|Month over Month||-1.0%||-0.4%||2.3%|
|Year over Year||3.4%||3.8%||5.2%||5.4%|
Following their unexpected (and unrevised) 2.3 percent surge in January, retail sales gave back some ground with a smaller than expected 0.4 percent monthly fall in February. With sales particularly strong a year ago, annual growth of volumes dropped from 5.4 percent to 3.8 percent.
Excluding auto fuel, purchases were only 0.2 percent below their January level and 4.1 percent higher than in February 2015, just a tick short of the rate last time.
The modest monthly decline in total sales was evenly split between the food and (ex-auto fuel) non-food sectors, both of which decreased 0.3 percent. Within the latter the steepest fall was in the other stores category (0.6 percent) ahead of clothing and footwear (0.4 percent) and non-specialised stores (0.3 percent). The only increase of note was in household goods (1.4 percent). Auto fuel was down 2.4 percent.
Prices were again weak. Hence, the annual change in the overall sales deflator was still deep into negative territory at minus 2.5 percent, albeit a couple of ticks up on the January rate. The comparable ex-auto fuel rate was minus 2.1 percent, unchanged from last time.
Despite February's setback average total sales volumes in the first two months of the quarter were still a healthy 1.6 percent above their mean level in October-December. This means that without a marked decline this month retail sales will make a useful contribution to first quarter real GDP growth. Still, with retail price inflation so far short of the CPI's 2 percent target, apparently buoyant consumption should have little impact upon BoE policy for some time yet.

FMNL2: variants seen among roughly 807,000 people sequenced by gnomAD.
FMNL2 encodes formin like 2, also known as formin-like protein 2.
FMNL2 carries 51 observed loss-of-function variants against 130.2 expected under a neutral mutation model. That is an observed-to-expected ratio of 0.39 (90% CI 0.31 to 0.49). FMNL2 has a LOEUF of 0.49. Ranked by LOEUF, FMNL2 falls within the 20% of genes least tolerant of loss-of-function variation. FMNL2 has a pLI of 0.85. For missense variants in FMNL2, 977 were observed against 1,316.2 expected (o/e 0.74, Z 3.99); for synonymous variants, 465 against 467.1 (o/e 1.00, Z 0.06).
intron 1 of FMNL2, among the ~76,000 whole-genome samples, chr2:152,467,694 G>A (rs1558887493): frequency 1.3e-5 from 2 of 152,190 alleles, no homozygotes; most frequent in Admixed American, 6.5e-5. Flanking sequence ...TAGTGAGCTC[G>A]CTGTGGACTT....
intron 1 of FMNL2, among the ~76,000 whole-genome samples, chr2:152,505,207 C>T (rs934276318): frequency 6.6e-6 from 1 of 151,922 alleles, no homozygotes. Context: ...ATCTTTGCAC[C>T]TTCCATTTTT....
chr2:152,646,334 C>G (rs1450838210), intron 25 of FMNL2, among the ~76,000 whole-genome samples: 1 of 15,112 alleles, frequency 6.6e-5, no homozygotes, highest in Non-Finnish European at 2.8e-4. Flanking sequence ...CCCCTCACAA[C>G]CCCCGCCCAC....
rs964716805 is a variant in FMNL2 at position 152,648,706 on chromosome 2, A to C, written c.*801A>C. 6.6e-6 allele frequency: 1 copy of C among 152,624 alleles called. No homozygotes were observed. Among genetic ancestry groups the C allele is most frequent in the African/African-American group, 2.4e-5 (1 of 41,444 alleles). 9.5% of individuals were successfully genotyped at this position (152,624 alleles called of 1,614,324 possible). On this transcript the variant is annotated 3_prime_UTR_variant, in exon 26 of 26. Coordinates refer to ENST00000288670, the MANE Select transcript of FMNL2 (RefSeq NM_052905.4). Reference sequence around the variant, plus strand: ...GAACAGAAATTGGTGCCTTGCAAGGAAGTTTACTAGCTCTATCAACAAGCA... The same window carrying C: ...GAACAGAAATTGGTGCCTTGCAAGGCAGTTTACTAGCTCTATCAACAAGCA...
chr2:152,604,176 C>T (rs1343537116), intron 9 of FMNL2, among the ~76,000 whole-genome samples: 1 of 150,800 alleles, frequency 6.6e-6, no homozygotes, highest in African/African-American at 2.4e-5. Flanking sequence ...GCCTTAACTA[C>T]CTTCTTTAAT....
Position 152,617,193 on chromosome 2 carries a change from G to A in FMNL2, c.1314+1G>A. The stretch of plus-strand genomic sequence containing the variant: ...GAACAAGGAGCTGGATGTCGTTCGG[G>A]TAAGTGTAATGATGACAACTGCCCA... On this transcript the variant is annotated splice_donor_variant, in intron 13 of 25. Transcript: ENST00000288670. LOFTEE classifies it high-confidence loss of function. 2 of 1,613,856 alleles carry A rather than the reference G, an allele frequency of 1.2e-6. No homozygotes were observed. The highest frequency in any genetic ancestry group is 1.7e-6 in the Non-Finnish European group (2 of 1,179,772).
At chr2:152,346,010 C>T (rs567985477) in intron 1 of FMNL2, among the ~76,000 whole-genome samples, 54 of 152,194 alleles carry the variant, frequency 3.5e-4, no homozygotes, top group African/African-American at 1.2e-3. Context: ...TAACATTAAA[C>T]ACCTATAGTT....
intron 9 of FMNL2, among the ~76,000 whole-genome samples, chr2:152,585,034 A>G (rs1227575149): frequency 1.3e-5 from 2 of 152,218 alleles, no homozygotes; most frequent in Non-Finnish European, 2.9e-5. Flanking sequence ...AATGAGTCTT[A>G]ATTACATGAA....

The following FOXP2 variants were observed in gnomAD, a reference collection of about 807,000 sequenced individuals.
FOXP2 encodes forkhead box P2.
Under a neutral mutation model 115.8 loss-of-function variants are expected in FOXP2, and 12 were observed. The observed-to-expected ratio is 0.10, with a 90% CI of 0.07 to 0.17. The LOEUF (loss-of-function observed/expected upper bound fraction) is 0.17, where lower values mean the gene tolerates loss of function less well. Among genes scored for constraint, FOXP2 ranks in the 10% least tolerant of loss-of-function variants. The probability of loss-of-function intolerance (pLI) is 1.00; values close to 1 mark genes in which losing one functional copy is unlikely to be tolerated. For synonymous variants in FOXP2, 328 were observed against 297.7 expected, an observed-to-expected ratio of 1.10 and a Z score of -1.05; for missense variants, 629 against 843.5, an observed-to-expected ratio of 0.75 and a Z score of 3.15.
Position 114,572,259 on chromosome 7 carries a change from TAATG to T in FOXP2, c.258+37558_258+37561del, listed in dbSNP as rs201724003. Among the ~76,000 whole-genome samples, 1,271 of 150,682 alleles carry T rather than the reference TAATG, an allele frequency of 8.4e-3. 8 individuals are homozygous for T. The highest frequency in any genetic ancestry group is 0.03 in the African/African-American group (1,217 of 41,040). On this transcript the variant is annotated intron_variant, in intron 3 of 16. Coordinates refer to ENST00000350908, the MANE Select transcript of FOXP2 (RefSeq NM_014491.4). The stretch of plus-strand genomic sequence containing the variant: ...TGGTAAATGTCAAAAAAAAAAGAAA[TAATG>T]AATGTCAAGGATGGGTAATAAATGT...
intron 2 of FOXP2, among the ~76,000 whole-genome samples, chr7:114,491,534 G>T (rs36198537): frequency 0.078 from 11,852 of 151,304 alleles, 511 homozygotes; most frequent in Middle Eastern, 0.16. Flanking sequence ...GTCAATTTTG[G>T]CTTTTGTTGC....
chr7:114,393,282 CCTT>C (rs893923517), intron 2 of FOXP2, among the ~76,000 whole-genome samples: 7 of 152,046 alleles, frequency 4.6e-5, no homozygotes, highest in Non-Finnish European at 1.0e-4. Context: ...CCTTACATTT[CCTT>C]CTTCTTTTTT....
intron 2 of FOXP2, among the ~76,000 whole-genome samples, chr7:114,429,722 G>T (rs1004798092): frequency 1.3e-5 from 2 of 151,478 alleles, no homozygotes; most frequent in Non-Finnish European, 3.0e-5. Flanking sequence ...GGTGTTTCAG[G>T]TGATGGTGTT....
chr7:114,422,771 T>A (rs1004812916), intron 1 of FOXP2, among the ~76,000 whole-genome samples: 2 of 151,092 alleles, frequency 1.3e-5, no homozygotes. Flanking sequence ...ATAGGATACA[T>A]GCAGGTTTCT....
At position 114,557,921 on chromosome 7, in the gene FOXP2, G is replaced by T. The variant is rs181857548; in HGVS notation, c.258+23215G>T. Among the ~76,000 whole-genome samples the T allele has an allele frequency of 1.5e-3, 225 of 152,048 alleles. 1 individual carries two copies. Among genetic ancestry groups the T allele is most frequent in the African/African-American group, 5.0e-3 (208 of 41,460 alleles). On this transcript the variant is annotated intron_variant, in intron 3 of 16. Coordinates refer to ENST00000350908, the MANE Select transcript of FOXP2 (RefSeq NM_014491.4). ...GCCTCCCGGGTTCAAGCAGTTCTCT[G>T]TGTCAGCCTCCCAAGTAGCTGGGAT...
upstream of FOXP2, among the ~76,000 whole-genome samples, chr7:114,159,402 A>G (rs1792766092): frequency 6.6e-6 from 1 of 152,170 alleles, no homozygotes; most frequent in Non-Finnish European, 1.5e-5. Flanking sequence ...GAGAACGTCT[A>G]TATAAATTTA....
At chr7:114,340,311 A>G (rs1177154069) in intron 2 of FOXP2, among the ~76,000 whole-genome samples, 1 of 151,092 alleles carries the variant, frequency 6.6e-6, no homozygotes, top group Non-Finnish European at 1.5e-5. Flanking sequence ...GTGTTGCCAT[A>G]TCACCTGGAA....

Retail sales measure the total receipts at stores that sell durable and nondurable goods. The data include all internet business whose primary function is retailing and also cover internet sales by other British retailers, such as online sales by supermarkets, department stores and catalogue companies. Headline UK retail sales are reported in volume, not cash, terms but are available in both forms.
With consumer spending a large part of the economy, market players continually monitor spending patterns. The monthly retail sales report contains sales data in both pounds sterling and volume. UK retail sales data exclude auto sales.
The pattern in consumer spending is often the foremost influence on stock and bond markets. For stocks, strong economic growth translates to healthy corporate profits and higher stock prices. For bonds, the focus is whether economic growth goes overboard and leads to inflation. Ideally, the economy walks that fine line between strong growth and excessive (inflationary) growth.
Retail sales not only give you a sense of the big picture, but also the trends among different types of retailers. Perhaps apparel sales are showing exceptional weakness but electronics sales are soaring. These trends from the retail sales data can help you spot specific investment opportunities, without having to wait for a company's quarterly or annual report.